Home Blog Data protection update | Privacy Sheild Data sharing is invalidated 2020

Data protection update | Privacy Sheild Data sharing is invalidated 2020

Data sharing pact between the EU and the US has been invalidated by the European Court of Justice. The ruling was based on the inadequate protection of European citizens’ data under the Privacy Sheild data-sharing. This is a major blow to companies that rely on data transfer between the EU-US.

Why was the Privacy Sheild data-sharing pact invalidated?

In the past few years, the European Commission has worked towards protecting the privacy and data of European Citizens. They introduced the General Data Protection Regulation GDPR mid-2018, which promised heavy fines against all who violate the privacy and security standards laid out by the regulation. On the other hand, the EU-US Privacy Shield was put into effect 2 years earlier in 2016 and was introduced as an improvement to the previous Safe Harbor Decisions. Today, The European Commission has invalidated the pact. It ruled that there was no guarantee that people’s data were protected to the same standard in the US as in the EU.

Short History Recap on Data

  • 1960s – US Government creates a centralized database of citizen’s information
  • 1991 – Previously a military project – the internet now goes public
  • 1995 – Companies like Amazon and eBay launch – some call it the start of the dot com bubble
  • 2000s – The Patriot Act is passed to broaden the surveillance power of the NSA (National Security Agency) post 9/11. Google Adwords launches. Safe Harbour Privacy Principles put in effect (an agreement that allowed Data sharing between the EU-US for companies that complied).
  • 2004 – Facebook launches out of Harvard, and triggers quickly privacy violations.
  • 2010 – Instagram Launches
  • 2013 – Edward Snowdon exposes the extent of US surveillance activities and Lawyer and activist Max Schrems files a data complaint against Facebook.
  • 2015 – Safe Harbor Agreement Invalid
  • 2016 – EU-US Privacy Shield replaces the Safe Harbor Agreement
  • 2018 – General Data Protection Regulation (GDPR) and California Consumer Privacy Act (CCPA)
  • 2020 – EU-US Privacy Shield invalidated

How are Data and Big Data companies effected?

When the terms data transfer and sharing are used, it does not mean sending an email, or booking a hotel room in the US while you’re still in the EU. Here we are talking about mostly big Data, processing, and storing. There are many companies that transfer their data to the US for processing (mostly to reduce costs or ease of management). Most of these will now have to rely on regional solution providers, i.e. process European data within the EU.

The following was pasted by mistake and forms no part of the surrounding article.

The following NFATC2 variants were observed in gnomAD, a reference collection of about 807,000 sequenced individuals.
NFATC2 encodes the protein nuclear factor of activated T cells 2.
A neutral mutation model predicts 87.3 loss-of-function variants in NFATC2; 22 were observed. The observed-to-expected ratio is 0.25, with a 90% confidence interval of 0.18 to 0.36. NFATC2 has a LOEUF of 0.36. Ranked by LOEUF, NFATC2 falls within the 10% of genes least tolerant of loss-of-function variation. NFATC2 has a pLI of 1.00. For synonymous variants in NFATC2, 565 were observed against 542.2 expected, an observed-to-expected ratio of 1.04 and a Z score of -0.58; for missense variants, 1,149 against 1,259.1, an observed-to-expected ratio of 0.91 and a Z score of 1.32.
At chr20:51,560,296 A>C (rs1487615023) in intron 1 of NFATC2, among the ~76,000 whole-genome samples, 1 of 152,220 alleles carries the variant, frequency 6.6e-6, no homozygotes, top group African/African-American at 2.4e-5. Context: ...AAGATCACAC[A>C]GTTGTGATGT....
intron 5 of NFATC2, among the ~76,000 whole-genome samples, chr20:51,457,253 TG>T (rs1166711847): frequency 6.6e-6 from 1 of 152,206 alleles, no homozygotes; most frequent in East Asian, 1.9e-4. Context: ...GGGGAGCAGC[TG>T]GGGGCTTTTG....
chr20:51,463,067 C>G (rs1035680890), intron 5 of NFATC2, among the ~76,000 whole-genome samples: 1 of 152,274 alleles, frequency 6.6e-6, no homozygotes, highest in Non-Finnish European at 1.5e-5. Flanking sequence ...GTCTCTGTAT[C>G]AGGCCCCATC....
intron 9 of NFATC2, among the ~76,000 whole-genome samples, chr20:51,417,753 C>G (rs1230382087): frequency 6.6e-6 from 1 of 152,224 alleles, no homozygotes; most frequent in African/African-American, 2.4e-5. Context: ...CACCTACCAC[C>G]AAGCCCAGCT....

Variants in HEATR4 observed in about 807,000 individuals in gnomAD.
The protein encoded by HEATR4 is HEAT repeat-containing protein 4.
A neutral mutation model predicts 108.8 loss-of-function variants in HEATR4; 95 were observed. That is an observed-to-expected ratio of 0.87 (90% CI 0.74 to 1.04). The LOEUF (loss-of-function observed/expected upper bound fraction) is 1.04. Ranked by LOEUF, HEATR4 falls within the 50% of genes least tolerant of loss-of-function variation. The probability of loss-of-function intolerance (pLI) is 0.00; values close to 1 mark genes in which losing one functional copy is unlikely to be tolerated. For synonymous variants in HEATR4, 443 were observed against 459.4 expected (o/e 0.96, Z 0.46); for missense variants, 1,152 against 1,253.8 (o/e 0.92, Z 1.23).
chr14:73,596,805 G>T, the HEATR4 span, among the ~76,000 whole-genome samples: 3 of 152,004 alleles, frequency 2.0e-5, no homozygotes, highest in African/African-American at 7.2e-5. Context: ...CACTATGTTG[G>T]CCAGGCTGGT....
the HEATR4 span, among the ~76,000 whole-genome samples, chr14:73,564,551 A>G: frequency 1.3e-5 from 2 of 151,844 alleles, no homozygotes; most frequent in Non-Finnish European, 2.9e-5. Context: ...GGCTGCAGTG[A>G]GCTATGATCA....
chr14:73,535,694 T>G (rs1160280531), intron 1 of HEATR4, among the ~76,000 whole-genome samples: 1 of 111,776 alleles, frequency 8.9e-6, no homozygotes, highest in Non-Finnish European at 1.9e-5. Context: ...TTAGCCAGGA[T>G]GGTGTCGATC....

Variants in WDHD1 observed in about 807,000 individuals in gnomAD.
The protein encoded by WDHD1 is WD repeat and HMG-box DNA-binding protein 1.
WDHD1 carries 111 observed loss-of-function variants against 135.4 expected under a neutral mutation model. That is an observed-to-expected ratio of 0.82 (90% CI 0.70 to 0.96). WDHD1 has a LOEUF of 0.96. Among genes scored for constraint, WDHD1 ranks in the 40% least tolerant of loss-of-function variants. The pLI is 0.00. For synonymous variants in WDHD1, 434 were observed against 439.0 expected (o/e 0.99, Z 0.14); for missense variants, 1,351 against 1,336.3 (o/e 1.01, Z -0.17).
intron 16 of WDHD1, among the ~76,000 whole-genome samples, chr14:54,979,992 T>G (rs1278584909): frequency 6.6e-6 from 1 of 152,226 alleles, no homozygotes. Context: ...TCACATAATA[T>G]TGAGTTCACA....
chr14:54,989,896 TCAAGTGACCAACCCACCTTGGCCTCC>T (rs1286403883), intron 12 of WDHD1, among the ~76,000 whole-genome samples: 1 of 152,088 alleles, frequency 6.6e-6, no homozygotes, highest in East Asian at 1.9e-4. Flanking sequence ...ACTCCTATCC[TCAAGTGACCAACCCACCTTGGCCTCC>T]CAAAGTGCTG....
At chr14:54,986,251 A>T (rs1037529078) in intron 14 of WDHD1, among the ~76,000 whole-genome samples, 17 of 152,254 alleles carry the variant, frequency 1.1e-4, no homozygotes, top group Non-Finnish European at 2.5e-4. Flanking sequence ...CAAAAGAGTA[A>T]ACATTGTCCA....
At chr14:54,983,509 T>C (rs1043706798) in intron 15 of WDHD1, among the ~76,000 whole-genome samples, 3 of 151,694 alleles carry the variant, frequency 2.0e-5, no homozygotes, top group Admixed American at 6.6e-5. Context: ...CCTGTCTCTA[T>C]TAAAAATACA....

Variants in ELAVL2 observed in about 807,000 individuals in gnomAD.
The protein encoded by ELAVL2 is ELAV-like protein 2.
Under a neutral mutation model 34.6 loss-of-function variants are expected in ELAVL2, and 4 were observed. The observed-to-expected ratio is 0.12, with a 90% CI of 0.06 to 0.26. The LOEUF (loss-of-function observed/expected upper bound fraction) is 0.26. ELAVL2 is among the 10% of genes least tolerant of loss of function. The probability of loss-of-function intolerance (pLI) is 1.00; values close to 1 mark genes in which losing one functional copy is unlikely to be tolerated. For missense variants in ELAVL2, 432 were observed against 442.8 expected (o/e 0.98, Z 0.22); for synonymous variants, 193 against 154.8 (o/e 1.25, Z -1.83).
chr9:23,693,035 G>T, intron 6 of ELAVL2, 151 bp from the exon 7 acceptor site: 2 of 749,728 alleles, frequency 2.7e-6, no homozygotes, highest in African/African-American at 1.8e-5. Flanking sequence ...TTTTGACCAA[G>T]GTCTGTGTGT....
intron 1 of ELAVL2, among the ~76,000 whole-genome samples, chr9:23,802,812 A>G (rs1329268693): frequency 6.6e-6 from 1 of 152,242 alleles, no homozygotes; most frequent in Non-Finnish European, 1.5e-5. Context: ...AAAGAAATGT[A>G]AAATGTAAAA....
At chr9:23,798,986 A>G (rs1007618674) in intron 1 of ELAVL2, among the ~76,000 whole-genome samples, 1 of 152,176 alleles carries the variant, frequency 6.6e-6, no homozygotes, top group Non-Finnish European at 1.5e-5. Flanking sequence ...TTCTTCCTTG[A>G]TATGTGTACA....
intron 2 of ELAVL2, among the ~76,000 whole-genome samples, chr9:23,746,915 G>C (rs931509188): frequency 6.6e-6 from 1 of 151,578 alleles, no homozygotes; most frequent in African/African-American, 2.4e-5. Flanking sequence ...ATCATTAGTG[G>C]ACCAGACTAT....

However, there is always something between the lines. Large companies like Facebook, process data in the US using Standard Contractual Clauses (SCCs). This mechanism has not been invalidated, as long as it upholds the same standard outline in the GDPR. Hence companies that previously relied on the Privacy Shelied can still operate as long as they switch to the SCCs.

The Court of Justice declared the Privacy Shield decision invalid, but also confirmed that the standard contractual clauses remain a valid tool for the transfer of personal data to processors established in third countries

Vice-President Jourová

What this means for EU citizens

Under Article 49 of GDPR, Data can still be transferred to the US from the EU, as long as it fulfils the minimum requirements. You as a user can also give your consent to transfer your data, and can also withdraw this consent at any time.

Some might even call this a win for privacy rights, and data protection. As an EU citizen, you have the right that your data is processed fairly with your consent and for defined purposes. When an American company chooses to process your Data in the US, you risk that the US National Security Agency (NSA) will gain access to that data. Now the EU Commission has taken an extra step in ensuring your data rights.

  • Read more about how your online privacy while browsing the internet here.


The data battle, if we can call it that, is far from over. Reforms will soon follow, and new issues will be set in focus; who controls the data, who owns them, and how to ensure they don’t fall in the hands of a third party.

Miklagard operates under the guidelines and regulations of the EU, where Data protection and privacy is important. If you want to learn more about this topic or require assistance leave a comment below, or simply contact us here.

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